The title alone invites mockery (from people like me, among others), but for now I’ll just put this here with the very genuine explanation that I heard this on CSPAN radio on Sunday, and I’ve been thinking about it since.
Yuval Levin, of National Affairs Journal, being interviewed by Brian Lamb:
LAMB: I want to ask you to help define the nuances of conservatism. Weâ€™re going to go back to 2005; eight years ago. Paul Weyrich, the late Paul Weyrich was in that chair there and he said this and see what you think of this.
PAUL WEYRICH, AMERICAN CONSERVATIVE POLITICAL ACTIVIST: Our culture is continuing to decline. Here we are, working on a marriage amendment you know something that I thought was self-evident that marriage was between a man and a woman, but now weâ€™re having difficulty trying to get this passed. You know we are not succeeding in changing the culture to return to a time when values mattered. Theyâ€™re becoming less and less important in the society. And you know when all is said and done, it doesnâ€™t matter whether you have a minimum wage or not. And it doesnâ€™t matter you know what kind of trade policy you have, if in fact the moral fabric of the society has disintegrated.
LAMB: What about the morals; the values?
LAMB: I mean his definition of values might be different than todayâ€™s.
LEVIN: Well, let me â€“ let me start in a general way. I think conservatism is â€“ the difference between conservatives and liberals; a very profound difference is that conservatives begin from a constrained and limited notion of â€“ limited set of expectations about what human beings can achieve, what human knowledge can achieve, what human power can achieve. And because of those low expectations, they value very highly the achievements we have in our society; the things that work and they want to preserve them. They want to save the preconditions for those things continuing to work. Liberals tend to begin from higher expectations; from a notion of greater perfectibility in the human being, from higher expectations about human knowledge, about human power. And for that reason, they start out with a sense of outrage about whatâ€™s failing because they think we can do a lot better. They donâ€™t begin by appreciating what is best; they begin by trying to undo and root out what is worse.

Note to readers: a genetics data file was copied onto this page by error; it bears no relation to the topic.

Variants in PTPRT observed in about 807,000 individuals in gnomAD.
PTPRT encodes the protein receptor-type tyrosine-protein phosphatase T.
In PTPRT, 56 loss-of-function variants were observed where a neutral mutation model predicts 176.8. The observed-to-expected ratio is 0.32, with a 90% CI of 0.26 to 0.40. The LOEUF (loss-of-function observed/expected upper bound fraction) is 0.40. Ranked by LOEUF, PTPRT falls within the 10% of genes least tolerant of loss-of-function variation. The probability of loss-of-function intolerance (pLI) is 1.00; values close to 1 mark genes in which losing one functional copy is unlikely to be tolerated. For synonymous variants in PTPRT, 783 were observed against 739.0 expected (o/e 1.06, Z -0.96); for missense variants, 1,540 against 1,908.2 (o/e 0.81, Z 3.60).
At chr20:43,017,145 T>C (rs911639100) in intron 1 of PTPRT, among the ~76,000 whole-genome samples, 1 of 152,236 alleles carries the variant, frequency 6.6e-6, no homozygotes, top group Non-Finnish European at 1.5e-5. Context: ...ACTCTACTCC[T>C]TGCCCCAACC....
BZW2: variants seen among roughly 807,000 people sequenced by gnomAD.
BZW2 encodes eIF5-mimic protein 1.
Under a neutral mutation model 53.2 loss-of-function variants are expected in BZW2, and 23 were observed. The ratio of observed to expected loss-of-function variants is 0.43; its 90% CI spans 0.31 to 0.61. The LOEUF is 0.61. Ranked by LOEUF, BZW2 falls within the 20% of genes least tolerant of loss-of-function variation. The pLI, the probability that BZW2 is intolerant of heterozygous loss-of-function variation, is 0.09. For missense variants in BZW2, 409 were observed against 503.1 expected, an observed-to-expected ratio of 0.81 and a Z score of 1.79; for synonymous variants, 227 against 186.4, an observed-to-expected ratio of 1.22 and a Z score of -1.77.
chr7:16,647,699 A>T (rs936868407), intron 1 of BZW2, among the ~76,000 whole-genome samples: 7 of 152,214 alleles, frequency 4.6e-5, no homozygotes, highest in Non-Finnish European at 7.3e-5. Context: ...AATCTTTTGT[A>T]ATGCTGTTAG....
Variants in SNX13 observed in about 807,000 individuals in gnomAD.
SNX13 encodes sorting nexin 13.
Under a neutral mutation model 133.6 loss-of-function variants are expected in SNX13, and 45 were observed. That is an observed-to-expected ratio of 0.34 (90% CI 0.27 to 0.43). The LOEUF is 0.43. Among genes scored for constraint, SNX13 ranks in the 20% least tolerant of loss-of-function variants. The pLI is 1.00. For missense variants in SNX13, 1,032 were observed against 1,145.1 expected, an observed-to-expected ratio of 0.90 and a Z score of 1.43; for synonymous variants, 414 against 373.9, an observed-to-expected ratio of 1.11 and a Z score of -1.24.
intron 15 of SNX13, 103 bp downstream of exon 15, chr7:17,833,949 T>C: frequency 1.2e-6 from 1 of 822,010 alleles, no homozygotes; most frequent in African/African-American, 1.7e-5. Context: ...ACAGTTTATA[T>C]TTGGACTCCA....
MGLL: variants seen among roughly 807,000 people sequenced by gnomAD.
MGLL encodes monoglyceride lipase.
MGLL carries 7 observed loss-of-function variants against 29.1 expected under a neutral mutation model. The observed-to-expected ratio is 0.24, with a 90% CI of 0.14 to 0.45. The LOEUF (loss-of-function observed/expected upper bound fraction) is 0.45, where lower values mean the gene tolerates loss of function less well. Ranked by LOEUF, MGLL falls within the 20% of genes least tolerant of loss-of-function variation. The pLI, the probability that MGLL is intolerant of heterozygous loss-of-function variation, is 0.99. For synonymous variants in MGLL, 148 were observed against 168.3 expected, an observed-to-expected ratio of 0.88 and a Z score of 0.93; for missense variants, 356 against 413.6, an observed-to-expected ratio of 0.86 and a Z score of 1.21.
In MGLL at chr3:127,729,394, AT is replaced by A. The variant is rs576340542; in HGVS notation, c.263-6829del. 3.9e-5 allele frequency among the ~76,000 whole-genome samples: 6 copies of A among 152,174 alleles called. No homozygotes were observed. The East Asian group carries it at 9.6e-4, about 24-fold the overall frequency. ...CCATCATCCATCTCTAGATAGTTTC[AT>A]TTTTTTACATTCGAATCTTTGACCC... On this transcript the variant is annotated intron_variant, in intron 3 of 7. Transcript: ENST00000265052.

Both of these things are very valuable, very important and very necessary, but theyâ€™re quite different. You start looking at a world that has both good things and bad things and your first instinct is to be grateful for the good and build on it to address the bad or you start looking at a world thatâ€™s both good and bad and your first instinct is to be outraged and to root out what is â€“ what is worse based on an idea of what could be best; an idea of perfectibility, you approach politics very differently.